One of the views from my reading room.
This is another--waiting to pick up Josie. On this day I was third in line--all it took was leaving the house at 12:45. (School is out at 2:45 but it's usually 3 before the children are escorted out to the cars.)
It could be awful but it's not. It's an almost two-hour block of uninterrupted reading time. The past two days, the air has been fragrant with the intoxicating smell of new mown hay (see first picture.)
Freed of distractions, I can really concentrate. I managed to read a book I just couldn't get into some years ago, despite its incredible reviews. The meticulously researched story of the Chicago World's Fair of 1893 is alternated with the also meticulously researched story of a serial killer who picked his victims from folks (mostly young women) in town for the fair.
It was a beautifully done rendering of a time and place--but I had the uneasy feeling that I was hurrying through the welter of detail about the fair to get to the 'good parts' about the serial killer. It made me a little ashamed of myself for such a prurient interest.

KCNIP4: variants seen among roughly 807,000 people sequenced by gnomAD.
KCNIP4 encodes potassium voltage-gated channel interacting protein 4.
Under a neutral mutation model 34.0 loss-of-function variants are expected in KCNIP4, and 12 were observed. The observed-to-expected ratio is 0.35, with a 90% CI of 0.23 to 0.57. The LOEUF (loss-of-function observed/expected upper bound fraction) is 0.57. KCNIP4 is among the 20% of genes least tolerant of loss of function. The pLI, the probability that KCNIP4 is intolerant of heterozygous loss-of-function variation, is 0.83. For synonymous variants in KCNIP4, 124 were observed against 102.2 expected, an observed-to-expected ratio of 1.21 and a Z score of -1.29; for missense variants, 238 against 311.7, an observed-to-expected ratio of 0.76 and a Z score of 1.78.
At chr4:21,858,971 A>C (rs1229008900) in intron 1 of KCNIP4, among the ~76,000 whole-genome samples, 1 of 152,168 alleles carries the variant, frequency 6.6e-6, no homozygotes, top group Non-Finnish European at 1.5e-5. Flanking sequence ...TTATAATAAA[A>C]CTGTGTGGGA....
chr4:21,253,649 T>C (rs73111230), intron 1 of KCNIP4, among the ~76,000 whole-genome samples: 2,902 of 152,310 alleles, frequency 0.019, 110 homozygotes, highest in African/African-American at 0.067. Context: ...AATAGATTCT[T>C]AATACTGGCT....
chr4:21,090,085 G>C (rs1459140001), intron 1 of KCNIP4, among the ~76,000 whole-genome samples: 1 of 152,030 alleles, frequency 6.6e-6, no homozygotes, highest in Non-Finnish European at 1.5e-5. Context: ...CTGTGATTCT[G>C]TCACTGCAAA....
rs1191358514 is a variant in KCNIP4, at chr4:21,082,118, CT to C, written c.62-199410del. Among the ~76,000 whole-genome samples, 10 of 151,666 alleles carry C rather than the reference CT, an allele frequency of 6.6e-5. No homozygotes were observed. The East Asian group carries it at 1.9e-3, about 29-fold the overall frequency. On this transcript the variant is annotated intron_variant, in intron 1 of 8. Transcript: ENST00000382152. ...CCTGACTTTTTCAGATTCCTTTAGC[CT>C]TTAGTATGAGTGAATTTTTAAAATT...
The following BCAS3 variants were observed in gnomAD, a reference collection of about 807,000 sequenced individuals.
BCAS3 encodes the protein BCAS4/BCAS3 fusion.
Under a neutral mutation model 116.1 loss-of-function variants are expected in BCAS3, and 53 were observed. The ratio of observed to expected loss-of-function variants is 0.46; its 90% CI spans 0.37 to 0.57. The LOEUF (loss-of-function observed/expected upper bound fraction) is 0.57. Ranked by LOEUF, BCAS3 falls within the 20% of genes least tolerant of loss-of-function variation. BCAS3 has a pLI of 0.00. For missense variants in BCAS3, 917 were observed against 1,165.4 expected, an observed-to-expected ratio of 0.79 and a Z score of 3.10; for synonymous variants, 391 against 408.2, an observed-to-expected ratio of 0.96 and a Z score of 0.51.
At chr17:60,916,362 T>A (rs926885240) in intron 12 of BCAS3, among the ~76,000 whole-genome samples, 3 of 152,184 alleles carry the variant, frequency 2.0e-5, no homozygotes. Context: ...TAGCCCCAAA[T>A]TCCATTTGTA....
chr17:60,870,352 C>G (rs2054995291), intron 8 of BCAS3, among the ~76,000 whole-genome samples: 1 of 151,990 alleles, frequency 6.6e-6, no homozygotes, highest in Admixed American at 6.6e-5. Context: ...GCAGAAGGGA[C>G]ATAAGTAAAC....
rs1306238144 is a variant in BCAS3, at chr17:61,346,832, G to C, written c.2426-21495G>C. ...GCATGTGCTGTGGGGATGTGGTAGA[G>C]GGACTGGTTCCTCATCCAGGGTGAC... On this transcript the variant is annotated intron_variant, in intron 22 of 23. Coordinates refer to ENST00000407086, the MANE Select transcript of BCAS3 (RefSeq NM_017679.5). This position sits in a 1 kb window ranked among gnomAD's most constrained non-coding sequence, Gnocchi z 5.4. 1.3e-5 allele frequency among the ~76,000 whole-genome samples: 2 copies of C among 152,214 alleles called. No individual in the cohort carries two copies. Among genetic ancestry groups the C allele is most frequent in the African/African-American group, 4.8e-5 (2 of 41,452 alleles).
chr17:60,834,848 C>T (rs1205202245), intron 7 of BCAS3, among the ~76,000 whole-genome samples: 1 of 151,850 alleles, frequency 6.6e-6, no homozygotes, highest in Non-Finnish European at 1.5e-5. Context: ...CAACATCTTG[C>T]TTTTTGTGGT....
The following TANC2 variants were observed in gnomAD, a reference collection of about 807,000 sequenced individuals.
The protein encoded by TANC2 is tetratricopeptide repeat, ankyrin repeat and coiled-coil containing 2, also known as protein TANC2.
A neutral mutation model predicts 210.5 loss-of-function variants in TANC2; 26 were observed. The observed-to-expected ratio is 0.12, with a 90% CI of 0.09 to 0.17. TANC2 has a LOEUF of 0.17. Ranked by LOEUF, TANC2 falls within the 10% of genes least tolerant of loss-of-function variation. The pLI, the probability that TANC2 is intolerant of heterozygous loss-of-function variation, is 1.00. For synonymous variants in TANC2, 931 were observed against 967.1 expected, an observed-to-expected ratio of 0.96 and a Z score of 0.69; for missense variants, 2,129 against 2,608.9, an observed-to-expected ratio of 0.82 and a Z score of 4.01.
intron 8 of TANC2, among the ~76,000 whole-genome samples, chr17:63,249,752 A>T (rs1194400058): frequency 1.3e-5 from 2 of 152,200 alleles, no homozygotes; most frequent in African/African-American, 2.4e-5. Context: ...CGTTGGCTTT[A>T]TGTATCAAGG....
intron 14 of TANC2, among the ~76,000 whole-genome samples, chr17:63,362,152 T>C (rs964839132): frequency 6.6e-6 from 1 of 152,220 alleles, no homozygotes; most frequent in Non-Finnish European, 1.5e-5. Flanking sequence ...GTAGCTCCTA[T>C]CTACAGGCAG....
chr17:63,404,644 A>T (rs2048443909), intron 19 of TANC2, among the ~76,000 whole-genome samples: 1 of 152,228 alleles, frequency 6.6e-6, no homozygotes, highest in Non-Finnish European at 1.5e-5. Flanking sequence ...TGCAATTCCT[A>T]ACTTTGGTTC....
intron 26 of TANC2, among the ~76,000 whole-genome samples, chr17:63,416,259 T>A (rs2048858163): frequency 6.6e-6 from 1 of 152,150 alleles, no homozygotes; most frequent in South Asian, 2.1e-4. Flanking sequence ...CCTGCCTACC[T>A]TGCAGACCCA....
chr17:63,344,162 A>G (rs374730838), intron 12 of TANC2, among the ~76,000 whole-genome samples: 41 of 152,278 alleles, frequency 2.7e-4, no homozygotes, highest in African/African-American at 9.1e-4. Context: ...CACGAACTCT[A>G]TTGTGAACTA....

Next up--Lies My Teacher Told Me--Oh, boy! Eye-opening critique of traditional history books as used in American schools.
I have probably said this previously, but a long airing time like that wouldn’t work well for much of the year in Canada with our long and cold winters.
Indeed. I'm already thinking about the coming cold months--Can run the heater intermittently, dress warmly, chemical handwarmers . . .
I read Devil in the White City years ago when it came out and found it fascinating. Still have it around here somewhere.
Glad to know waiting moms (and grans) get to have some reading time while waiting for their chicks. I'm again wading through another Amor Towles book, my second try at Rules of Civility...couldn't make it through the Lincoln Highway. Just too depressing for me.
Did you ever read Adam Selzer's H. H. Holmes: the true history of the White City Devil? He makes what to me looks like a compelling case based on contemporary records that, while Holmes certainly committed murders and was overall a despicable character, the story of his "castle of horror" during the Exposition has little to no basis in reality, and that other aspects of the tale as it has come down to us rest on at best shaky ground. Might make a good book to read in tandem with Devil in the White City. Or possibly not, since I confess I haven't read Devil.
Have not read that--sounds interesting.
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